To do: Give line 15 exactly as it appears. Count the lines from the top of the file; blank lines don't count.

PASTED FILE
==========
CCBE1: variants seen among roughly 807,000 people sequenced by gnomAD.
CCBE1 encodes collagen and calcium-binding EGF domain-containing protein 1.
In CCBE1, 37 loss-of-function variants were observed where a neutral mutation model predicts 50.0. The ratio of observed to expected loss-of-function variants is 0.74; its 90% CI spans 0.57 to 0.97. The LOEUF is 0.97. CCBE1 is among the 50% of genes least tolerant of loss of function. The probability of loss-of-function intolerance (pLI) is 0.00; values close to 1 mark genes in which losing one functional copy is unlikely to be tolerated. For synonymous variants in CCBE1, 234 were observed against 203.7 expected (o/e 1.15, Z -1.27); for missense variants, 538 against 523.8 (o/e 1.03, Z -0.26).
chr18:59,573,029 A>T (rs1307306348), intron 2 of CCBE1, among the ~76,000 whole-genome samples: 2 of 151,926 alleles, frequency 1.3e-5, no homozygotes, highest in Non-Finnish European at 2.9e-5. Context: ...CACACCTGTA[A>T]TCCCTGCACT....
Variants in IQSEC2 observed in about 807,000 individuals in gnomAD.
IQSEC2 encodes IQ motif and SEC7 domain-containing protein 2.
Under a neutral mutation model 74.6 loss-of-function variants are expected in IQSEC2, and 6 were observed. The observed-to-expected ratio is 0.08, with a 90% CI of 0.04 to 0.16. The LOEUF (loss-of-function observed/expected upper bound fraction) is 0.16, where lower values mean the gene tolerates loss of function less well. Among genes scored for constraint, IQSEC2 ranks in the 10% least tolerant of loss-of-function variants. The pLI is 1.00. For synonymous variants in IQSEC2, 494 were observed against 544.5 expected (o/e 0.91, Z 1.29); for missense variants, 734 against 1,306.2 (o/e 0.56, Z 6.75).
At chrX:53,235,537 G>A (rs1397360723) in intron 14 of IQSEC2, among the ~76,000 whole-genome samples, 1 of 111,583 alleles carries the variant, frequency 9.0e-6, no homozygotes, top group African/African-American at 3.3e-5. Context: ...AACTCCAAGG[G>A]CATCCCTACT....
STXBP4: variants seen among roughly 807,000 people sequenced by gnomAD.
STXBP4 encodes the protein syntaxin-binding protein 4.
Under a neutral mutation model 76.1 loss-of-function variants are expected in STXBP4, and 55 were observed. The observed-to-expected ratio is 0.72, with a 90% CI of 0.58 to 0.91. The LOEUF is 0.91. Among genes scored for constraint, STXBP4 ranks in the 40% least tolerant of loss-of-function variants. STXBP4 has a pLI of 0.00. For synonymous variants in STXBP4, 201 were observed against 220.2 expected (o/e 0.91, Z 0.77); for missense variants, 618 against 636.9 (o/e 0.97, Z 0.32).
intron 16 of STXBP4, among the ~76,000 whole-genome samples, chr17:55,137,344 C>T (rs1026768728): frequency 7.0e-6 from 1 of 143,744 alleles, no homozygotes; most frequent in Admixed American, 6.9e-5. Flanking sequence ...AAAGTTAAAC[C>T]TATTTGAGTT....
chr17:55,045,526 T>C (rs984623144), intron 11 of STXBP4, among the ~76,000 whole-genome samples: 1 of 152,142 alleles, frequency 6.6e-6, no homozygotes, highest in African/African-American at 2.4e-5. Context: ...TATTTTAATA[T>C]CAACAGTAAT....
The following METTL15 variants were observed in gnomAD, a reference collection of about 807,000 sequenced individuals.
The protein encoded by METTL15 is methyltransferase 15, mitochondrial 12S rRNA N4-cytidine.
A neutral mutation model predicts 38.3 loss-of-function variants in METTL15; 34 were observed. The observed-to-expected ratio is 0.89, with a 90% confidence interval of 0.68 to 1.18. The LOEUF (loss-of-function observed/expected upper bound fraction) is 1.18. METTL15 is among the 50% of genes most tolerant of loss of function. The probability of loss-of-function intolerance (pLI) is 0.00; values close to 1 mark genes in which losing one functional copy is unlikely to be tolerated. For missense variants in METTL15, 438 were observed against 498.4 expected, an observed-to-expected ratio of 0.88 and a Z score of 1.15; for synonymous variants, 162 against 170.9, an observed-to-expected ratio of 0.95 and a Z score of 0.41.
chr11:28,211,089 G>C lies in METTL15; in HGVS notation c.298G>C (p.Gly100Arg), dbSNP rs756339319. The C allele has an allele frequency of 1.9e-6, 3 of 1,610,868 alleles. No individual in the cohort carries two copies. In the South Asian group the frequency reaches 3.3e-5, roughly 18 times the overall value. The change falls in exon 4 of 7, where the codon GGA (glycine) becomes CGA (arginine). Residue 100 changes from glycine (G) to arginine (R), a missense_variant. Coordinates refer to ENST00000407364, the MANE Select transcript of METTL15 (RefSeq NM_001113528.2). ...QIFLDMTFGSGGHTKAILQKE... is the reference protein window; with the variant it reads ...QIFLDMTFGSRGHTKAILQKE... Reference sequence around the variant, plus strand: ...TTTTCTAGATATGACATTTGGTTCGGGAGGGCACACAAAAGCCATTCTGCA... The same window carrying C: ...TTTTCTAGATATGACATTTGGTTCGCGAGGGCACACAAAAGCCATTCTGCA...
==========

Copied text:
The protein encoded by METTL15 is methyltransferase 15, mitochondrial 12S rRNA N4-cytidine.